THOSE (CHINESE) DNA ANCESTRY KITS
For many years I've been warning about the possibility that those "home DNA testing kits" that allow you to determine your genetic "ancestry" might not be merely the latest "technological fun," and that my suspicion was (and is) that many of these companies are fronts for governments. One possibility that I've entertained is that "they" are collecting individual human DNA samples because "they" are looking for something, or perhaps, "someone" in the human population that may not be entirely homo sapiens sapiens.
Well, some partial confirmation appears to be had with this article shared by W.G.:
Here's the core of the article's allegations:
At-home DNA testing kits have become all the rage as people seek to identify their ancestry. The only problem is that many of these companies are Chinese fronts that collect people’s genetic blueprints and use them for unknown purposes.
During a recent hearing, Dr. Steven Quay explained how the process typically works. What people receive in the mail and use to swab their DNA is then sent off to companies that in many cases are based in China.
“So if you go on the internet and want to do a DNA test for almost anything on the internet as a consumer – and you don’t even need a doctor to sign – and you do a scrape, the specimen will very often go to a laboratory here,” Dr. Quay stated.
“But then it gets shipped to BGI, which bought more Illumina sequencing machines than any other place in the world.”
Illumina sequencing machines, by the way, are used to process microarrays. These are what supposedly determine a person’s lineage going back to the early days of the family tree. (Boldface emphasis added)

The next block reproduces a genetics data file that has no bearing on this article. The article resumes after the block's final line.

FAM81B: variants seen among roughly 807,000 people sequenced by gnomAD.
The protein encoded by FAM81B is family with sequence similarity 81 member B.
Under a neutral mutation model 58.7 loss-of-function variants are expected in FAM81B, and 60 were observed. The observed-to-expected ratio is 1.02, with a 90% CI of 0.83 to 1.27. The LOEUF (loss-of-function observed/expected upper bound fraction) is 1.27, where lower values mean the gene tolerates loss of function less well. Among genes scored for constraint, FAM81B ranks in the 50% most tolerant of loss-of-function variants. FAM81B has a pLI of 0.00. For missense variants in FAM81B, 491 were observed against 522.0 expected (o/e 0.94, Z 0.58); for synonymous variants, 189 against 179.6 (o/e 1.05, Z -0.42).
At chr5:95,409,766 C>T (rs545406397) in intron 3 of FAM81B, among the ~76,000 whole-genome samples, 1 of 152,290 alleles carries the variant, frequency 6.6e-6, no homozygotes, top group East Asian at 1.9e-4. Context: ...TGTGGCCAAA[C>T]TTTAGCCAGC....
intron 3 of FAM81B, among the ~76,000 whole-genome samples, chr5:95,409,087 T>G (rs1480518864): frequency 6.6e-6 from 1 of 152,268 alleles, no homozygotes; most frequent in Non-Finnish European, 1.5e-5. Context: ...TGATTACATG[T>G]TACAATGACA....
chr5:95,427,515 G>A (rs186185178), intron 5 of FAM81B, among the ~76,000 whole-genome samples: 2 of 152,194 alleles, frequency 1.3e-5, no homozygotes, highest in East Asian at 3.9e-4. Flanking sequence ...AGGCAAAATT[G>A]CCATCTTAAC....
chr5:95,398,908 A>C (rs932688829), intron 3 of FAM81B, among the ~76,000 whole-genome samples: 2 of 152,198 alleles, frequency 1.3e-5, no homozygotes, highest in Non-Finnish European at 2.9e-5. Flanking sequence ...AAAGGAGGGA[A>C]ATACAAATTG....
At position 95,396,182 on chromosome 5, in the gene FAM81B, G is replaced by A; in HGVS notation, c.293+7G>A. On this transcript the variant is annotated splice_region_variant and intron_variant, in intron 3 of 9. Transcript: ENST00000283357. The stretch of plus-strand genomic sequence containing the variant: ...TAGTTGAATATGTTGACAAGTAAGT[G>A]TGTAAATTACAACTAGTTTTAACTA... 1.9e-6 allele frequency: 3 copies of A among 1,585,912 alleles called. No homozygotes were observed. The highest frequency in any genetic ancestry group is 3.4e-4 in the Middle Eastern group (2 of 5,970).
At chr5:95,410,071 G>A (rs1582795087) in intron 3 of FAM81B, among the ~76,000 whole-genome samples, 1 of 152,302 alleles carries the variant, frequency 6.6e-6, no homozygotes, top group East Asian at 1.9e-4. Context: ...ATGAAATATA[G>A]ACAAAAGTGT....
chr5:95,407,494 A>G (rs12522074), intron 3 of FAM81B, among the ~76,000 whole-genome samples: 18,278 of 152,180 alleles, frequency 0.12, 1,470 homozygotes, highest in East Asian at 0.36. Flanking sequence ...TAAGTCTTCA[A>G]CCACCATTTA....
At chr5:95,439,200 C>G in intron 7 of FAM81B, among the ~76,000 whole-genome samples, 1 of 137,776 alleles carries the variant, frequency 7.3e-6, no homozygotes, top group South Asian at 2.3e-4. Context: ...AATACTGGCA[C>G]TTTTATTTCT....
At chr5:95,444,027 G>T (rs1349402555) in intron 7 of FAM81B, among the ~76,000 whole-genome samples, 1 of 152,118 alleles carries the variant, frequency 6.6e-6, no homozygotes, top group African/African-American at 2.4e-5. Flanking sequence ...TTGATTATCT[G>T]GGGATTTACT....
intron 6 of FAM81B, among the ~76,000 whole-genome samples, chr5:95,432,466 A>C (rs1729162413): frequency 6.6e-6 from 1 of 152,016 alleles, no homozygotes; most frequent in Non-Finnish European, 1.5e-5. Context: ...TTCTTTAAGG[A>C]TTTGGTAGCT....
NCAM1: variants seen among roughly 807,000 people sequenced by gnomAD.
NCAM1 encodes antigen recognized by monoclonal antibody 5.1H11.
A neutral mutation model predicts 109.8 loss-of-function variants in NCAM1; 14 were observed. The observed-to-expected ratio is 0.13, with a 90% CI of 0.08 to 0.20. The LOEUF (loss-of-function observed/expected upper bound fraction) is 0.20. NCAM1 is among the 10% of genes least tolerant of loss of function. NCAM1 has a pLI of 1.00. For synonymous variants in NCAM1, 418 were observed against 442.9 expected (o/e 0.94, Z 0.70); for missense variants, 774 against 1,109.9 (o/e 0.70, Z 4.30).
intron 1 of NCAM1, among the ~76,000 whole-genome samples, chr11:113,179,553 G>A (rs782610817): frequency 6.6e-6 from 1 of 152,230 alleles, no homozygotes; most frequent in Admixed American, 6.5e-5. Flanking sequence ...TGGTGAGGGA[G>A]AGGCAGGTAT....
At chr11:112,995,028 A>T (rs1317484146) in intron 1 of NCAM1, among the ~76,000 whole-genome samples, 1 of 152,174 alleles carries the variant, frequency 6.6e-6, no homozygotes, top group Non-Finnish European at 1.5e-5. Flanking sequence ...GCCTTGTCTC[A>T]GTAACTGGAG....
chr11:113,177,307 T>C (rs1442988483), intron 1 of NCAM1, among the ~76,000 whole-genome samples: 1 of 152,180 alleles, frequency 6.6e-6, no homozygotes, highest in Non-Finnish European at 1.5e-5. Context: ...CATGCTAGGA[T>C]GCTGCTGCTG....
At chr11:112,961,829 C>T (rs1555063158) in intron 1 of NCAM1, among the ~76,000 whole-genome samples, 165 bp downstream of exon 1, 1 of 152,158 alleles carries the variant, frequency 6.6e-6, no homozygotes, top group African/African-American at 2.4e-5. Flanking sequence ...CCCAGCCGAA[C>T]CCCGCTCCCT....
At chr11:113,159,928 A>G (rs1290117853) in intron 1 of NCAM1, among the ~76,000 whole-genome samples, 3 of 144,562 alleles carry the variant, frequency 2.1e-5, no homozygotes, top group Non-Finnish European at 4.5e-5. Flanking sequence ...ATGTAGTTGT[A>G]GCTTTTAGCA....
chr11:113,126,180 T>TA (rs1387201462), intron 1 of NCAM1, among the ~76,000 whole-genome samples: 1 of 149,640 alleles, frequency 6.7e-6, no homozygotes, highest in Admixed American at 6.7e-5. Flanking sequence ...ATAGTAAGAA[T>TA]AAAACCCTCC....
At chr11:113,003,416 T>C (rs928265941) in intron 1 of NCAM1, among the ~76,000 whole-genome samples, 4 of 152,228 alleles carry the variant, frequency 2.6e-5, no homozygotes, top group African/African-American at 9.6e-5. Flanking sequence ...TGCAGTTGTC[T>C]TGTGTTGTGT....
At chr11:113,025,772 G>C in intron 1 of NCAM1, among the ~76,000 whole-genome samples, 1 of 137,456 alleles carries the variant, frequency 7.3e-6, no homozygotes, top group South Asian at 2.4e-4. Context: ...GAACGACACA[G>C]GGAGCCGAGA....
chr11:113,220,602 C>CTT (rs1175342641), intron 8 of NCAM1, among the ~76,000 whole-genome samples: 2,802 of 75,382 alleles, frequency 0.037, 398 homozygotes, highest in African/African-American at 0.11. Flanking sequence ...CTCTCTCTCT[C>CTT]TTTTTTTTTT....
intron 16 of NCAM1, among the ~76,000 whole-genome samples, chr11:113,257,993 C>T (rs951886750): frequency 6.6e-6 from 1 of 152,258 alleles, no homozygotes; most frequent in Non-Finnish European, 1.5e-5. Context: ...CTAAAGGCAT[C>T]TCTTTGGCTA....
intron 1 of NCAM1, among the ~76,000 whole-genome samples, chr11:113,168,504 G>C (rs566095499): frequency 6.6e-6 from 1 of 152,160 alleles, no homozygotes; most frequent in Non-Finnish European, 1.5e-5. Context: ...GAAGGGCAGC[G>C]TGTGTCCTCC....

There you have it: many of these companies use Chinese laboratories to process the results. But the question is, what are they using the data for? "Unknown purposes" could cover a multitude of nefarious activities. But given the recent revelations of "gain-of-function" research in connection to covid and Dr. Fausti, one possible use immediately presents itself, namely, the creation of genetically-specific and targeted bioweapons and it would be the height of irrationality, given that regime's dubious track record, to assume anything else.
I suspect, however, that the use of this database is not restricted to bioweapons. As indicated above, I suspect that they may be "looking" for something, a genetic marker that may tend to corroborate (or disprove) genetic manipulations of the human population in the past or present, perhaps even a "hybridization" such that someone may look homo sapiens sapiens but be of a different genetic makeup.
But in that regard, there is also another possibility that must be entertained while we're indulging in our daily dose of high octane speculation; since the advent of the covid planscamdemic and the mRNA quackcines, there's another possibility that presents itself. Lately I've been entertaining the notion that the planscamdemic needs a "control group" to compare results, but that this group cannot know that it is a control group. The control group in this instance are those refusing the mRNA injections. In this instance, the Chinese (and any other government masquerading behind the DNA ancestry companies) might be looking for genetic markers not only of infection, but of vaccination. Granted, this speculation presents massive problems of monitoring, but nonetheless would be a valuable database to have.
And the bottom line is, if "they" are willing to create a planscamdemic in order to "innoculate" as much of the global population as "they" can, they're willing to do almost anything, including monitoring both sets of the human - and possibly not-so-human - population. Genetics, after all, plays a role not only in "co-morbidities" but also it would seem in reactions to the quackcines.
And that raises yet another disturbing high octane possibility: that the whole thing may have been designed to flush out a certain segment of the population...
See you on the flip side...
Help the Community Grow
Please understand a donation is a gift and does not confer membership or license to audiobooks. To become a paid member, visit member registration.